Linux Installation & Partitioning


Hey everybody !!

in this post we will talk about the Linux installation but before we start let’s see how does Linux deal with the hard disk.

Partitioning Scheme :-

First : the name of your hard disk is determined by the technology it uses and the way you connect it to your computer like that:-

  • ATA disk starts with (hd)

  • SATA or the SCSI disks starts with (sd).

But Fedora started to use (sd) for all HDDs starting from Fedora core 7 and UBUNTU also does that.

the next character is dedicated depending on your hard disk status so let’s assume that you had an ATA HDD, the scheme will be like that:-

  • hda primary master

  • hdb primary slave

  • hdc secondary master

  • hdd secondary slave

now let’s see how does the partitions names look like?

The data about your partitions is stored in the first sector of your hard disk which called the MBR (Master Boot Record) in 64 bytes only which is only enough to fully describe just 4 partitions. These partitions are called primary partitions and it takes number from 1 to 4. so lets assume that you have a primary master ATA disk then the partitions will look like that:-

  • hda1 the first primary partition

  • hda2 the second primary partition

  • hda3 the third primary partition

  • hda4 the fourth primary partition

if you need more partitions then you need to make an (Extended partition) which is a primary partition that is capable of holding other sub-partitions called (Logical partitions).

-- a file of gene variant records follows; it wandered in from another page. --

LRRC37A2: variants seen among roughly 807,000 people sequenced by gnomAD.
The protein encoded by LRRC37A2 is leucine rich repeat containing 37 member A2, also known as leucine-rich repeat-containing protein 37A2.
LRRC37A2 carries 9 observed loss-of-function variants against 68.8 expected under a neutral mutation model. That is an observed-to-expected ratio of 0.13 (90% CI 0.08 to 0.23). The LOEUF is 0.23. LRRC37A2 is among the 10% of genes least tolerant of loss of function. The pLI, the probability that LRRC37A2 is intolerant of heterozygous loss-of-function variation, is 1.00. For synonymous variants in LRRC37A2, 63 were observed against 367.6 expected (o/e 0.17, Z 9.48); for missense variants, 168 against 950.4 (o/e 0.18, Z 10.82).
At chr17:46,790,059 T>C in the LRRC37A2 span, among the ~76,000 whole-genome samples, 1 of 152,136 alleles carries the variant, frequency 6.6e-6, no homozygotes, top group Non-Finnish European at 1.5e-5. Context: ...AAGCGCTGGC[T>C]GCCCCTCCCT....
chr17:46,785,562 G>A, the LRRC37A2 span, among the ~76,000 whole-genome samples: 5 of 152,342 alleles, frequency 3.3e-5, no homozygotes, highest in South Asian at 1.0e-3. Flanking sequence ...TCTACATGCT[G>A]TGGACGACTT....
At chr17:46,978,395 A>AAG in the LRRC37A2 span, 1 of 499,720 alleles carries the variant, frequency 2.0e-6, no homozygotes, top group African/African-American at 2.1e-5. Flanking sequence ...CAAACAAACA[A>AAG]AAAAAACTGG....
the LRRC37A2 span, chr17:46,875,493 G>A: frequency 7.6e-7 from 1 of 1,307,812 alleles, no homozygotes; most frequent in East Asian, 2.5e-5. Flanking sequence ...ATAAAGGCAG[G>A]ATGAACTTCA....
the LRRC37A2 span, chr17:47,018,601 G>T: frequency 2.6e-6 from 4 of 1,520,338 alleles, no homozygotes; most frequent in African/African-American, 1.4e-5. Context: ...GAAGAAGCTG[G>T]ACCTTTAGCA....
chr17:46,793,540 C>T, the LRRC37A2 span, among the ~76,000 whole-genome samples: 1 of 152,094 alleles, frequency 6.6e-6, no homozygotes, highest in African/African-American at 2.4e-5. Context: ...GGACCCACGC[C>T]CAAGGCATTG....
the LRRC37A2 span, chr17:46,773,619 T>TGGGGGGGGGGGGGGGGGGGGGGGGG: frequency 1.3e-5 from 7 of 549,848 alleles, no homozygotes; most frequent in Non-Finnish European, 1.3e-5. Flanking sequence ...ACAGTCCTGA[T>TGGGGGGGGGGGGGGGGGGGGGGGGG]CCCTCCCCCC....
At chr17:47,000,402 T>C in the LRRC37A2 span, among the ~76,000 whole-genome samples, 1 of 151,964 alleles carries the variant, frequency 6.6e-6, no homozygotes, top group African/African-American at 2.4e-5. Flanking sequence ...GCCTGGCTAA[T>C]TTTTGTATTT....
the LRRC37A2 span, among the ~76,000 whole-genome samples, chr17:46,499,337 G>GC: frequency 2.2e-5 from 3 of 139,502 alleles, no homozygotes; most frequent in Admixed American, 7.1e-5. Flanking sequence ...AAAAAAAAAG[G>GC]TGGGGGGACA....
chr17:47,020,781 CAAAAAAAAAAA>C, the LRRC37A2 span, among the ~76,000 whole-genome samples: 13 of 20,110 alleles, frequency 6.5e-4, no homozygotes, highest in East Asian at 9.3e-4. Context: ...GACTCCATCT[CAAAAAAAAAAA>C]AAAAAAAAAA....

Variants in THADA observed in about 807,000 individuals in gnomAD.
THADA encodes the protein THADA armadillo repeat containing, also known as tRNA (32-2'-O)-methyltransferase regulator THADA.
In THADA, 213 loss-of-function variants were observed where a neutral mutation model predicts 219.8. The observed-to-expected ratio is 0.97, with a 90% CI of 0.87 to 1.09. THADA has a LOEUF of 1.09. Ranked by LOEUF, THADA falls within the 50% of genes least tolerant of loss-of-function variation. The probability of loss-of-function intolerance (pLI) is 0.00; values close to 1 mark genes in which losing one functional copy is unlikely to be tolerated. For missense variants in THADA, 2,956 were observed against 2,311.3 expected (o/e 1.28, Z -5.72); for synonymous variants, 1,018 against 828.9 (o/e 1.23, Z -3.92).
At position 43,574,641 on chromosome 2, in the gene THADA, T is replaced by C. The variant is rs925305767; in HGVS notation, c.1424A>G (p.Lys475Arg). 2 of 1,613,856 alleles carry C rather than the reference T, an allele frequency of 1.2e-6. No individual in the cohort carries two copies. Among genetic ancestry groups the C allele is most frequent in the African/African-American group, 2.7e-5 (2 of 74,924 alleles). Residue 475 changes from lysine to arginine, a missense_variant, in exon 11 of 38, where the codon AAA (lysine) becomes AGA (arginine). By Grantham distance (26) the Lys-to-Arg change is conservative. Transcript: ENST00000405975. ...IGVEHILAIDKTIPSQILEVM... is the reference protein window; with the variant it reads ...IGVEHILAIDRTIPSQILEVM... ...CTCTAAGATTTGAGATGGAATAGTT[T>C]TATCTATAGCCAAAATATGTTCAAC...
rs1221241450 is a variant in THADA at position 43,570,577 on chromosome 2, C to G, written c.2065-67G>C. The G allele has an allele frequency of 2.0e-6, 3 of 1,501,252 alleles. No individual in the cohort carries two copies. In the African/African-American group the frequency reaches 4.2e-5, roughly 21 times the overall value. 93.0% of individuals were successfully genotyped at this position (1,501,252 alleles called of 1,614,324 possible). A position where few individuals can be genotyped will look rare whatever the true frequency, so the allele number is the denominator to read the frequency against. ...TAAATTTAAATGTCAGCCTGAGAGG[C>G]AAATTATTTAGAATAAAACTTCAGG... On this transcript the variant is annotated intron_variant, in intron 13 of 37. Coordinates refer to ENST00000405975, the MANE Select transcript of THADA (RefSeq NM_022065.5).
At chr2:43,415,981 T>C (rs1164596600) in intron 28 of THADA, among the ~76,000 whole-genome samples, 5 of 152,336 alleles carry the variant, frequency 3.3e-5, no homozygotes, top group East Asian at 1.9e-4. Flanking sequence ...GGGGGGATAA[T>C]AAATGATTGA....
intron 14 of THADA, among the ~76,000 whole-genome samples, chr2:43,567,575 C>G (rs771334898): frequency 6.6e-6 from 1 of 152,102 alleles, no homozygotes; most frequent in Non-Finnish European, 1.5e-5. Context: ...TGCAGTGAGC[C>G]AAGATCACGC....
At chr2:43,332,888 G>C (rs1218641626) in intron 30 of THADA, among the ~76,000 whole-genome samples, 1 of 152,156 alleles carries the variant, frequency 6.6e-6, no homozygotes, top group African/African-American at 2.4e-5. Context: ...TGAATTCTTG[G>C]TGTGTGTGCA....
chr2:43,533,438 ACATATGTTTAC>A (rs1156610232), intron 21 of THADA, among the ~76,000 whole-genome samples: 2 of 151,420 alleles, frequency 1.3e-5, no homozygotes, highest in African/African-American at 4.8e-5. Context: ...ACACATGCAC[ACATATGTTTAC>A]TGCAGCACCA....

Note: Theoretically you can make unlimited amount of logical partitions in the extended partition but Linux limits that number to 59 in the IDE disks and 11 in SCSI disks.

Logical partitions takes numbers starts from 5. this means that (hda5) is the first logical partition in your disk whatever the number of your primary partitions is and the second logical partition will be (hda6) etc.

In the graph we can see that:-

  • hda1 and hda2 are the first two primary partitions.

  • hda3 is also a primary partition but it is an extended partition which only holds two logical partitions (hda5 and hda6).

  • hda5 is the first logical partition in the disk so takes number 5.

  • hda6 is the second logical partition in the disk so it takes number 6.

  • hda4 is the fourth primary partition so it has no relations with the logical ones and it takes number 4.

The root file system :-

Now let’s see what is the requirements to install Linux.

At least you need one partition to install Linux and this partition will be called the root file system which holds your data or link to it. So the root file system will be mounted as “ / “ (slash), and all other partitions will be mounted under it like that

now “dev” will be called “/dev” and “home” will be “/home” etc. and we will speak about the functionality of these main directories later.

You also can make any main directory of those a separate file system (partition) and it will be mounted under the root file system “/” and it will look like any other directory. That’s may be useful in some cases which also will be discussed later.

the file system that should be created on that partition should be (ext2 or ext3) file system but ext3 is more efficient.

SWAP area :-